President Donald Trump’s eldest daughter, Ivanka Trump, is in Ethiopia to promote a US government initiative aimed at advancing women’s participation in the workplace.
The initiative aims to benefit 50 million Women in developing countries by 2025.
When his administration’s long-delayed policy on Africa was finally unveiled at the close of 2018, many observers of the continent were quick to point out that it did not include the favoured American staples: promotion of democracy, free and fair elections, political and civil rights.
The Women’s Global Development and Prosperity (W-GDP), which was launched in February, coincides with President Trump’s proposed cuts to foreign aid, and a ban on US aid to health groups that promote or provide abortions.
The W-GDP initiative aims to train women worldwide to help them get well-paying jobs.
Ms Trump visited Muya Ethiopia, a clothes manufacturing company.
The 16-year-old company, which exports clothes to the local and international markets, was founded by Sara Abera, who gave Ms Trump a tour.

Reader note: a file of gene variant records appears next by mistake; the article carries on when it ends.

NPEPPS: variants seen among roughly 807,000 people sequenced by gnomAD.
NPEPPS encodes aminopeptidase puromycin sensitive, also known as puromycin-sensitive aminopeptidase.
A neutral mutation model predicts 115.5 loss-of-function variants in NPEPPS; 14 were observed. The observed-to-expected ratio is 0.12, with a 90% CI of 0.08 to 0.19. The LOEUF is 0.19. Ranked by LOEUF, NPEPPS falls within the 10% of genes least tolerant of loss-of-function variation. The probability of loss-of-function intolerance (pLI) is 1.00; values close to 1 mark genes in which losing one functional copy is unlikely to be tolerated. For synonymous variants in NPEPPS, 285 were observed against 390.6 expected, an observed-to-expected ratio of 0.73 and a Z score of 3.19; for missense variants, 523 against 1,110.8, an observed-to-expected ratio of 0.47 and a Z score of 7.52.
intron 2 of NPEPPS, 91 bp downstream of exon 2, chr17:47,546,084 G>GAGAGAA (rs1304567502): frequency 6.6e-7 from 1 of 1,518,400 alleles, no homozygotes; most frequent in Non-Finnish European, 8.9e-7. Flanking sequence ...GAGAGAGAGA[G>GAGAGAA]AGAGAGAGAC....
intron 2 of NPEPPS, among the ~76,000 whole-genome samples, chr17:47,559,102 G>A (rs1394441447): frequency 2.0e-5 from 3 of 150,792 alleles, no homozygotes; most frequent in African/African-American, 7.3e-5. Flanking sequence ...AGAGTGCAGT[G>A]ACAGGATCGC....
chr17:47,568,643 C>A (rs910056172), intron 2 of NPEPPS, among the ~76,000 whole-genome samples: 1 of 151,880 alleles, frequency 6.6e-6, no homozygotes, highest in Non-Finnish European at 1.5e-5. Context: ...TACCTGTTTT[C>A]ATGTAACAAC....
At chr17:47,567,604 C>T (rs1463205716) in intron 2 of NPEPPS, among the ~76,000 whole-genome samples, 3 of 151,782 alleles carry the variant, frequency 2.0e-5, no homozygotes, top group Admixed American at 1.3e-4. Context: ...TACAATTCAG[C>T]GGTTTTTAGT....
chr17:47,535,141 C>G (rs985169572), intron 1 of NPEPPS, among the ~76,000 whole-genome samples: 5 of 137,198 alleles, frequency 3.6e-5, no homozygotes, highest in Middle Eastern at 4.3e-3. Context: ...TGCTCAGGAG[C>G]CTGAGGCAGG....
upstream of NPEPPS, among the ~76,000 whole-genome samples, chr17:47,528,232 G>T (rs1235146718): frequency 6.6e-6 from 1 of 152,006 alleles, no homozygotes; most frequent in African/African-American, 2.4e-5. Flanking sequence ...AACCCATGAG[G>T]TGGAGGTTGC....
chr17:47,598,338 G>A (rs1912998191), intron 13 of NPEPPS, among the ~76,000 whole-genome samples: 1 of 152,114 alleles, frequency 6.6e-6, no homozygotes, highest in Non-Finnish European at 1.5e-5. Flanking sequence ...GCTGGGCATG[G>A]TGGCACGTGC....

According to the W-GDP’s website, low participation of women in the formal labour markets impedes economic growth and poverty reduction in developing countries.
The project is financed by a $50m (£38m) fund within the US international development aid agency (USAid).
“Fundamentally we believe that investing in women is a smart development policy and it’s smart business. It is also in our security interests because women when they are empowered they foster peace and stability and we have seen this play out time and time again,” Ms Trump said as she met women working in the coffee industry.
Ms Trump, who serves as an adviser to her father, will also attend a World Bank policy summit while in Ethiopia.
She will visit Ivory Coast later in the week and is set to visit a cocoa farm, as well as participate in a meeting on economic opportunities for women in West Africa.
She tweeted ahead of the trip that she was “excited”.
The Trump administration’s policy in Africa has focused on the war on terror and trying to manage the growing political and economic influence of China and Russia on the continent.
It has, however, backed democratic reforms in countries like Ethiopia where Prime Minister Abiy Ahmed has implemented a series of progressive changes including the normalisation of relations with Eritrea after a bitter border standoff going back two decades.
The US also recently backed pro-democratic protests in Algeria and Sudan.